I also took the opportunity to talk about the worrying situation at Bagram, in Afghanistan, where the prisoners are still held without any of the legal rights granted to the Guantánamo prisoners, because the Obama administration is resisting any form of outside scrutiny, even though dozens of foreign prisoners were rendered there up to seven years ago, and are, effectively, the same as the prisoners in Guantánamo, as Judge John D. Bates recognized in April. I also discussed my fears that, although the administration has some basis for arguing that Bagram is a wartime detention facility, and that habeas rights should not extend to Afghan prisoners seized in Afghanistan, President Obama has provided us with no proof that the Geneva Conventions have been fully reinstated by the military, and that, as a result, it is legitimate to fear that prisoners held there are still being subjected to a regime in which, although outright torture may well have been outlawed, the focus is still on intelligence-gathering, and not on holding prisoners to keep them off the battlefield until the end of hostilities.

The session concluded with some lively questions, and I was particularly pleased to be able to end up by talking about the recent rumors regarding the appointment of an independent prosecutor to investigate the Bush administration’s crimes, and to express my hope that, even if Attorney General Eric Holder decides to restrict his investigation to those who exceeded the rules laid down in the notorious “torture memos” issued by the Justice Department’s Office of Legal Counsel, the launch of any investigation whatsoever will point inexorably to those further up the chain of command, and will, eventually lead to the Office of the Vice President, where, as we know but cannot yet prove, every aspect of the torture program required the approval of Dick Cheney or his legal counsel (and later Chief of Staff) David Addington.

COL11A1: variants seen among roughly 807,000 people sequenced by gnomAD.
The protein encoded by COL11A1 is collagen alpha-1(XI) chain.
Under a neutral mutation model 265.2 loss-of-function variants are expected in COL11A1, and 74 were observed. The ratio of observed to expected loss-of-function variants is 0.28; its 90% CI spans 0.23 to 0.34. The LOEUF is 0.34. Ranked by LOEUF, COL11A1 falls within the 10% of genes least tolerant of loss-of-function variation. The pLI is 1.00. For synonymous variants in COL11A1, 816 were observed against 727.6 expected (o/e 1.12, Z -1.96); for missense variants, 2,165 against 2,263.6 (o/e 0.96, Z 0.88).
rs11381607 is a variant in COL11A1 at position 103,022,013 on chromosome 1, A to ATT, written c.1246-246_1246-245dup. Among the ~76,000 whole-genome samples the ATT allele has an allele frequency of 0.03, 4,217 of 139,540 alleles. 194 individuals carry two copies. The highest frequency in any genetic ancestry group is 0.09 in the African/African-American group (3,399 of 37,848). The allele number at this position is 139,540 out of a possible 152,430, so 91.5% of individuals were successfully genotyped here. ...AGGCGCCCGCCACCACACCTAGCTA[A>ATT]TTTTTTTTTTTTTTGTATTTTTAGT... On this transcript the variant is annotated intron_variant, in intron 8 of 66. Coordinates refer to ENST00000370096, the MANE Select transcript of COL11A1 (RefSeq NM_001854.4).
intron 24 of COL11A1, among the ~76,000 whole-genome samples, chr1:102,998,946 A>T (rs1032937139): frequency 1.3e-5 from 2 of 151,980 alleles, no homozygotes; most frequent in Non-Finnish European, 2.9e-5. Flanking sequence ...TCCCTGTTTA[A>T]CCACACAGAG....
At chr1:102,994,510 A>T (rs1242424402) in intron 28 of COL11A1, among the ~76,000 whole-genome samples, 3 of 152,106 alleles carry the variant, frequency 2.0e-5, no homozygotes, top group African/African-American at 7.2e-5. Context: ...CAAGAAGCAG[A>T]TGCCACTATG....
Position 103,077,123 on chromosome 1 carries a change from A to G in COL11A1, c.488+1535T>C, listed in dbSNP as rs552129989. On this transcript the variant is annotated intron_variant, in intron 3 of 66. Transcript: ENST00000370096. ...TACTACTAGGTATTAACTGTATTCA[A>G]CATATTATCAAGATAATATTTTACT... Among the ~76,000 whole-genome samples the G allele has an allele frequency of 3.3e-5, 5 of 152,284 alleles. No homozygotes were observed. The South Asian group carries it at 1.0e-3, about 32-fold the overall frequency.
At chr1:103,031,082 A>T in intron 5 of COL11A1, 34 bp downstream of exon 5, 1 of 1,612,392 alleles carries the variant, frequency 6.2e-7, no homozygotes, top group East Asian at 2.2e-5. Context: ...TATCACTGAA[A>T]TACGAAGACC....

Andy Worthington is the author of The Guantánamo Files: The Stories of the 774 Detainees in America’s Illegal Prison (published by Pluto Press, distributed by Macmillan in the US, and available from Amazon — click on the following for the US and the UK). To receive new articles in your inbox, please subscribe to my RSS feed, and also see my definitive Guantánamo prisoner list, published in March 2009.

2 Responses

  1. Andy Worthington Discusses Guantánamo With World Can’t Wait « Dandelion Salad says...

    [...] by Andy Worthington Featured Writer Dandelion Salad http://www.andyworthington.co.uk 12 Aug. 2009 [...]

  2. Paul Siemering says...

    Great job Andy. You still the man you know?

    I’m very sorry you have not become the famous celebrity you should be. I have no idea what’s the problem.

    But I do think it is serious. I live in a coop house with 10 people, all of us “activists” of one sort or another. But when I try to talk to them about you and your work, or Reprieve, or Omar Khadr or Binyam Mohamed or Mohammed Jawed or any other innocent prisoners, they seem not to be there. And here we are now,
    one week after you posted this, just the two of us again.

    Stay strong my friend.

    paul